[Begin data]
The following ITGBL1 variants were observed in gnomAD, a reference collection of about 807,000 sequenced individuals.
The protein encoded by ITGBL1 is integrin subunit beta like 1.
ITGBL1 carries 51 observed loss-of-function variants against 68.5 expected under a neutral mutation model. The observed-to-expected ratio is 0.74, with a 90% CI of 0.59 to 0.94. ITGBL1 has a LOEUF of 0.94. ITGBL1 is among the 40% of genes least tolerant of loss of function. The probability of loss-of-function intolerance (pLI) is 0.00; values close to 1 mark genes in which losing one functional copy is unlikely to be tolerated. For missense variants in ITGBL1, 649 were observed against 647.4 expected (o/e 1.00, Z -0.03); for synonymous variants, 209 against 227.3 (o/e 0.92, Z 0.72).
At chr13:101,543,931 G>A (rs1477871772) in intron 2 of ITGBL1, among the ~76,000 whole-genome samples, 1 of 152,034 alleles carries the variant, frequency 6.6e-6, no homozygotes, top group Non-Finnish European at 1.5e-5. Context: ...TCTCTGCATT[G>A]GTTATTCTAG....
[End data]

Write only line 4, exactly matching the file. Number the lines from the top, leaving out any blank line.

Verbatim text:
At chr13:101,543,931 G>A (rs1477871772) in intron 2 of ITGBL1, among the ~76,000 whole-genome samples, 1 of 152,034 alleles carries the variant, frequency 6.6e-6, no homozygotes, top group Non-Finnish European at 1.5e-5. Context: ...TCTCTGCATT[G>A]GTTATTCTAG....